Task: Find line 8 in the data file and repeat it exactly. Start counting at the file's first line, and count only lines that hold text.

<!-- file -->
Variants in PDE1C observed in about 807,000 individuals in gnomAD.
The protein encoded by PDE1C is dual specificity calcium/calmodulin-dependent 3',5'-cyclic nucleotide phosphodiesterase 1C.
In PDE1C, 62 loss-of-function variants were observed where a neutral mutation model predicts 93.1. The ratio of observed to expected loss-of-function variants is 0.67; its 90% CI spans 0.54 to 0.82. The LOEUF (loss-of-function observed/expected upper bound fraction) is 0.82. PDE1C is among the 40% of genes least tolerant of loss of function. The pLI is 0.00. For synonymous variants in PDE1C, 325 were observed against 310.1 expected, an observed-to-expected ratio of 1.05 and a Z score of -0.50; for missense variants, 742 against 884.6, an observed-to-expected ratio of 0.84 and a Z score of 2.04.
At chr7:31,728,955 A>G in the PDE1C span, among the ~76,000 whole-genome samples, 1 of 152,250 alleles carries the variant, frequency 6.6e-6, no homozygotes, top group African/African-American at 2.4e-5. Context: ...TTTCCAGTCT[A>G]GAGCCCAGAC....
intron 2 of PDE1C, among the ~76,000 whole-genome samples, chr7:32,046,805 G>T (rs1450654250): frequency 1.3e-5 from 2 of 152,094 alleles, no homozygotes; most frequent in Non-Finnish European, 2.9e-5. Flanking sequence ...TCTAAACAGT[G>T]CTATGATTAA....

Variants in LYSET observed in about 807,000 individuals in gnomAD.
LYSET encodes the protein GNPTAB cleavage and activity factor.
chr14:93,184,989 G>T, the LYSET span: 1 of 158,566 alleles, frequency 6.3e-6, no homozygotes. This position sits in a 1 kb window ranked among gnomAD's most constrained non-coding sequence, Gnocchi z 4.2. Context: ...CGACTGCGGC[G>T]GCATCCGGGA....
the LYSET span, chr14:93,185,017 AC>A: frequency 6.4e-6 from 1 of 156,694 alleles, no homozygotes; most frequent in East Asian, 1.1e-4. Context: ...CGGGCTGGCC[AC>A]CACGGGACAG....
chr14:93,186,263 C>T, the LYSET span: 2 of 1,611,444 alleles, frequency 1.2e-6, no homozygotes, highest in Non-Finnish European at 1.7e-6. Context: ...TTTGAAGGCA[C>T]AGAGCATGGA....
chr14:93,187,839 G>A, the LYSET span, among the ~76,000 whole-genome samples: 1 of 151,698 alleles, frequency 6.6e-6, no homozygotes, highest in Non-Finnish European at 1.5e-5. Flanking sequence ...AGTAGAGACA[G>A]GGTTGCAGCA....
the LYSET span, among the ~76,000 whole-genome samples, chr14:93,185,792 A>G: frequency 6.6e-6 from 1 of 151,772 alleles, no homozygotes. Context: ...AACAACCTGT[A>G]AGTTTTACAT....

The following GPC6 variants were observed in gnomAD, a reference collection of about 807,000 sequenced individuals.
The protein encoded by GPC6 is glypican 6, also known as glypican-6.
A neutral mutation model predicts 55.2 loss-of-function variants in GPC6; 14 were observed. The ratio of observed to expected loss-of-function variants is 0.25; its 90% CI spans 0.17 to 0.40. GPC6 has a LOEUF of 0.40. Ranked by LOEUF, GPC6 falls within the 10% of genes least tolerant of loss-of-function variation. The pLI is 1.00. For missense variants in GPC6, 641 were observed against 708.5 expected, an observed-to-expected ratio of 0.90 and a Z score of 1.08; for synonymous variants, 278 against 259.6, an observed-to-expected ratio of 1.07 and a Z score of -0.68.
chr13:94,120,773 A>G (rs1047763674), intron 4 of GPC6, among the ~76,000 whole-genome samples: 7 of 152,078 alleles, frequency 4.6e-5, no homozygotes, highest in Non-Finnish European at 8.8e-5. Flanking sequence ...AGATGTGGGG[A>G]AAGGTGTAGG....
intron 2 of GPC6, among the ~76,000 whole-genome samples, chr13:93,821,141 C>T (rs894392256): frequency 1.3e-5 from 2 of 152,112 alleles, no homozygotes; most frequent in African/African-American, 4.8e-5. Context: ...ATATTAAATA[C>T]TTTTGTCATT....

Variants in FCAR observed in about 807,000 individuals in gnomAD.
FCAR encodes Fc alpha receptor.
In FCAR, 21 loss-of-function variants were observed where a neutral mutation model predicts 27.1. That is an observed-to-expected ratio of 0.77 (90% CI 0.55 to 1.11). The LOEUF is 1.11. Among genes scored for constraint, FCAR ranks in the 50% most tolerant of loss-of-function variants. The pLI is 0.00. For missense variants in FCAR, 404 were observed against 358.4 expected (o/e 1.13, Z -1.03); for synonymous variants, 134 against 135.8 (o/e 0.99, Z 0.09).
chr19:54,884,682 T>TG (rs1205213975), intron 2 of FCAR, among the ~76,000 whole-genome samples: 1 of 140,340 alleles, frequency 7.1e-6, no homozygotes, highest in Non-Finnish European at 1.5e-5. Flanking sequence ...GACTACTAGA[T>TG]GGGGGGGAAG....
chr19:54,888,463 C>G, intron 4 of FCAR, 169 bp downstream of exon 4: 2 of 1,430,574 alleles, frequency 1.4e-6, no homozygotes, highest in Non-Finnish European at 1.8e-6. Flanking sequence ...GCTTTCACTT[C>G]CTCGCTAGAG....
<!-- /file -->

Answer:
chr14:93,184,989 G>T, the LYSET span: 1 of 158,566 alleles, frequency 6.3e-6, no homozygotes. This position sits in a 1 kb window ranked among gnomAD's most constrained non-coding sequence, Gnocchi z 4.2. Context: ...CGACTGCGGC[G>T]GCATCCGGGA....